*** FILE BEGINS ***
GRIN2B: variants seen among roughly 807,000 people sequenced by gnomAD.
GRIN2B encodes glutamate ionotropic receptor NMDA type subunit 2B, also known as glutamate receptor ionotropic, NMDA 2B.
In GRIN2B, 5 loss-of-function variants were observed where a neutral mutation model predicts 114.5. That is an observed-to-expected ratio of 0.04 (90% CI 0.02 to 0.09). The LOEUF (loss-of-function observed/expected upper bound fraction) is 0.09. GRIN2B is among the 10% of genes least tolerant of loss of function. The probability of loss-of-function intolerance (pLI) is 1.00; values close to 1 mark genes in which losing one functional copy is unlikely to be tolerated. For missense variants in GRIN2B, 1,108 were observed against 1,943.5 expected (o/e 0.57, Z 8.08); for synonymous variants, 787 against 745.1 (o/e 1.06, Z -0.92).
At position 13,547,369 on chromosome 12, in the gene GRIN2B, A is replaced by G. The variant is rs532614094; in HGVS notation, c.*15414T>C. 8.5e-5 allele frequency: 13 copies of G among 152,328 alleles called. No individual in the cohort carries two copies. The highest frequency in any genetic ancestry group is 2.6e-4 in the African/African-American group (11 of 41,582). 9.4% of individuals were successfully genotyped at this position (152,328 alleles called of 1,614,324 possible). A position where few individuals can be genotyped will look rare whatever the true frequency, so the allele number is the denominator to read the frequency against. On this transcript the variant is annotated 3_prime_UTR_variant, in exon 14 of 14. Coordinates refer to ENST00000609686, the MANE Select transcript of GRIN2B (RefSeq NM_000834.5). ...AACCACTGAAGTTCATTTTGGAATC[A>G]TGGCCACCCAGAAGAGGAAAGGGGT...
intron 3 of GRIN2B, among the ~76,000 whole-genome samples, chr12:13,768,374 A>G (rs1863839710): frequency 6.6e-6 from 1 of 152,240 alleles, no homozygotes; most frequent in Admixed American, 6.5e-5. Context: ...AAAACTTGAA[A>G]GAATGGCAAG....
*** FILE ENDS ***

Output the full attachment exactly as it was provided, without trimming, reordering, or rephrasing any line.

GRIN2B: variants seen among roughly 807,000 people sequenced by gnomAD.
GRIN2B encodes glutamate ionotropic receptor NMDA type subunit 2B, also known as glutamate receptor ionotropic, NMDA 2B.
In GRIN2B, 5 loss-of-function variants were observed where a neutral mutation model predicts 114.5. That is an observed-to-expected ratio of 0.04 (90% CI 0.02 to 0.09). The LOEUF (loss-of-function observed/expected upper bound fraction) is 0.09. GRIN2B is among the 10% of genes least tolerant of loss of function. The probability of loss-of-function intolerance (pLI) is 1.00; values close to 1 mark genes in which losing one functional copy is unlikely to be tolerated. For missense variants in GRIN2B, 1,108 were observed against 1,943.5 expected (o/e 0.57, Z 8.08); for synonymous variants, 787 against 745.1 (o/e 1.06, Z -0.92).
At position 13,547,369 on chromosome 12, in the gene GRIN2B, A is replaced by G. The variant is rs532614094; in HGVS notation, c.*15414T>C. 8.5e-5 allele frequency: 13 copies of G among 152,328 alleles called. No individual in the cohort carries two copies. The highest frequency in any genetic ancestry group is 2.6e-4 in the African/African-American group (11 of 41,582). 9.4% of individuals were successfully genotyped at this position (152,328 alleles called of 1,614,324 possible). A position where few individuals can be genotyped will look rare whatever the true frequency, so the allele number is the denominator to read the frequency against. On this transcript the variant is annotated 3_prime_UTR_variant, in exon 14 of 14. Coordinates refer to ENST00000609686, the MANE Select transcript of GRIN2B (RefSeq NM_000834.5). ...AACCACTGAAGTTCATTTTGGAATC[A>G]TGGCCACCCAGAAGAGGAAAGGGGT...
intron 3 of GRIN2B, among the ~76,000 whole-genome samples, chr12:13,768,374 A>G (rs1863839710): frequency 6.6e-6 from 1 of 152,240 alleles, no homozygotes; most frequent in Admixed American, 6.5e-5. Context: ...AAAACTTGAA[A>G]GAATGGCAAG....